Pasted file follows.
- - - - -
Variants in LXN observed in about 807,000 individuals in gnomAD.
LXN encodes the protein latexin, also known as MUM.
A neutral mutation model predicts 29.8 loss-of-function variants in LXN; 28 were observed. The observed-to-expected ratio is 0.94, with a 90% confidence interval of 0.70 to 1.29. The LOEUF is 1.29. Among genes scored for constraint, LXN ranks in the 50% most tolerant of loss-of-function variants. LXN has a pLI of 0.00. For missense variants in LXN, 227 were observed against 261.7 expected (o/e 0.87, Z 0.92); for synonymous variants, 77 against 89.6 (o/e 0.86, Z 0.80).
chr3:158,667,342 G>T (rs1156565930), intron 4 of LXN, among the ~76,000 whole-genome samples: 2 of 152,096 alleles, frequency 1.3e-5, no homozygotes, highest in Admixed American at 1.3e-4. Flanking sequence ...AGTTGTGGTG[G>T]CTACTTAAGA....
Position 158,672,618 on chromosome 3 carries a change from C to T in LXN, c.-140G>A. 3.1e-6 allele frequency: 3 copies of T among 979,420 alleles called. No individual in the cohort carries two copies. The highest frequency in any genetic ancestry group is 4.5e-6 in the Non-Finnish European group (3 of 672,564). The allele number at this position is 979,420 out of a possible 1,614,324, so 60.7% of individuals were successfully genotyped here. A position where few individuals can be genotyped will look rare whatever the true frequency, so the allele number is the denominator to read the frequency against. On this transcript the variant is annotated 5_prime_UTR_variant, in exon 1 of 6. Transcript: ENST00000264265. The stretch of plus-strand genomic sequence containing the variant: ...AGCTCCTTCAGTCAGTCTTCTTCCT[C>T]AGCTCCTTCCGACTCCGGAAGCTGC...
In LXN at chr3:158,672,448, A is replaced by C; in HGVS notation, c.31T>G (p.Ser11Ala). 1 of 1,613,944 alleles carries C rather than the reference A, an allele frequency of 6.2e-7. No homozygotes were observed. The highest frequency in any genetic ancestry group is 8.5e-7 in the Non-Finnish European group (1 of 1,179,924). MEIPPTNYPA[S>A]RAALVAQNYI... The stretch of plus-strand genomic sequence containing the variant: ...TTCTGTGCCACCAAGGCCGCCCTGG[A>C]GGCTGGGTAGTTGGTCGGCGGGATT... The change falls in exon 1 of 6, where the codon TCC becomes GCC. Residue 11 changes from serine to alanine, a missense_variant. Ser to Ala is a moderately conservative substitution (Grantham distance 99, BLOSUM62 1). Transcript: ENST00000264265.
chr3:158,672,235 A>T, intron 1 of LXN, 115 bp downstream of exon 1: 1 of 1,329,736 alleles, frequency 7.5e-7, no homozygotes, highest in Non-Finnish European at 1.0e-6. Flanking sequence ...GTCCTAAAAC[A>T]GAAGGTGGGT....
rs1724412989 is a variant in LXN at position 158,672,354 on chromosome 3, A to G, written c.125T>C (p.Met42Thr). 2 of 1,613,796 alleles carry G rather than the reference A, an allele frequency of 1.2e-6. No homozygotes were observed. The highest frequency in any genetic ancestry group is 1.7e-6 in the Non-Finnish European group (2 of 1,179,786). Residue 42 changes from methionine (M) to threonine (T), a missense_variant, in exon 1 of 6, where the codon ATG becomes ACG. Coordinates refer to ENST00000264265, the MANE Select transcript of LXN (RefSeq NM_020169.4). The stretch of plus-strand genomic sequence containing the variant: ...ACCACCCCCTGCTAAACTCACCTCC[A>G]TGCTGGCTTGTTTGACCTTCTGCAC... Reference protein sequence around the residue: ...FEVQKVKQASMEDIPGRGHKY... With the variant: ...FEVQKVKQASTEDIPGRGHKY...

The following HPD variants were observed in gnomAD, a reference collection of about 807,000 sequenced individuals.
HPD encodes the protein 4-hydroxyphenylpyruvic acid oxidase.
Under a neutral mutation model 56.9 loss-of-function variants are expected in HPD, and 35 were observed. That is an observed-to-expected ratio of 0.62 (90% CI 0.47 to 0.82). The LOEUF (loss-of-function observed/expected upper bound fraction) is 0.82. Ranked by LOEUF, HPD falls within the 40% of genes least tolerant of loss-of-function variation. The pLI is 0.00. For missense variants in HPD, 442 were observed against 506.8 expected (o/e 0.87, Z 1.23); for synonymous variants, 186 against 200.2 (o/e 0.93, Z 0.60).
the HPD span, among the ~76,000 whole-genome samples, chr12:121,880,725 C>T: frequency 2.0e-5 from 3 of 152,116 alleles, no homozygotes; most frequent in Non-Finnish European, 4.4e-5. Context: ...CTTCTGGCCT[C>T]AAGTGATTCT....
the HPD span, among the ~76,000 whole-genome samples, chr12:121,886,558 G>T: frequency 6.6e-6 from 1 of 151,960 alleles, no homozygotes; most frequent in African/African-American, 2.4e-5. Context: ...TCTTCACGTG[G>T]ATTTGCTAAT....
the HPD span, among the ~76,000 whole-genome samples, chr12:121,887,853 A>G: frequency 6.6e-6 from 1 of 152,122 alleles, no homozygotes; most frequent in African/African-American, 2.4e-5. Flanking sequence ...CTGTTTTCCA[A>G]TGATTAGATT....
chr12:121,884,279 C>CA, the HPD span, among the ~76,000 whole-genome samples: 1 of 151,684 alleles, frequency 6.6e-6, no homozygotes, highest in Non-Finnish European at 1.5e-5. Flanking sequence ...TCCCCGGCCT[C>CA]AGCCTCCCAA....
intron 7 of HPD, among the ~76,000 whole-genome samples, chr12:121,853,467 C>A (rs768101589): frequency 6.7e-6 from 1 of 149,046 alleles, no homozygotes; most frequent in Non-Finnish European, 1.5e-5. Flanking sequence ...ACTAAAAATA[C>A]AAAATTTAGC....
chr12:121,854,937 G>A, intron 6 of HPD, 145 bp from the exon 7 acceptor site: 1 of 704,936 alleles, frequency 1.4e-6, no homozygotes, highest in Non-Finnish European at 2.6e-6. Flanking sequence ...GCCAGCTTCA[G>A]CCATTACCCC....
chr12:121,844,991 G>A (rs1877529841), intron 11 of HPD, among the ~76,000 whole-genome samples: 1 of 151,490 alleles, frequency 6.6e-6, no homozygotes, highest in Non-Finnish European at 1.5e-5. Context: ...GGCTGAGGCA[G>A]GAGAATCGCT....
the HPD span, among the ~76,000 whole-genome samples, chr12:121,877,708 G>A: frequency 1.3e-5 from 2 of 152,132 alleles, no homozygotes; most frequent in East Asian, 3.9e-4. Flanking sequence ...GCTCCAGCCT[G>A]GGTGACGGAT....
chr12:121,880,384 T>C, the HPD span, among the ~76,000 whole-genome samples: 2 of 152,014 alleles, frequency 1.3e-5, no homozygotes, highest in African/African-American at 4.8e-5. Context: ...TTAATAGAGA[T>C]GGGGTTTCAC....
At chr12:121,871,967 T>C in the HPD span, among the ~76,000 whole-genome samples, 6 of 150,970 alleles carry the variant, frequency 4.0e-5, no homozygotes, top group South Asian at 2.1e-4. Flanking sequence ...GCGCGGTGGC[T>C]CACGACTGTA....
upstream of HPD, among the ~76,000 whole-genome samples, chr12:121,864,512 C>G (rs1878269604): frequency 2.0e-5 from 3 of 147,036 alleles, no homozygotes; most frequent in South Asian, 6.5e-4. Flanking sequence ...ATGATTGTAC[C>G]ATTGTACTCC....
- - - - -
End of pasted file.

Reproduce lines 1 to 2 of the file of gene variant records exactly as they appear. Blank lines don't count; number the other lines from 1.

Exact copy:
Variants in LXN observed in about 807,000 individuals in gnomAD.
LXN encodes the protein latexin, also known as MUM.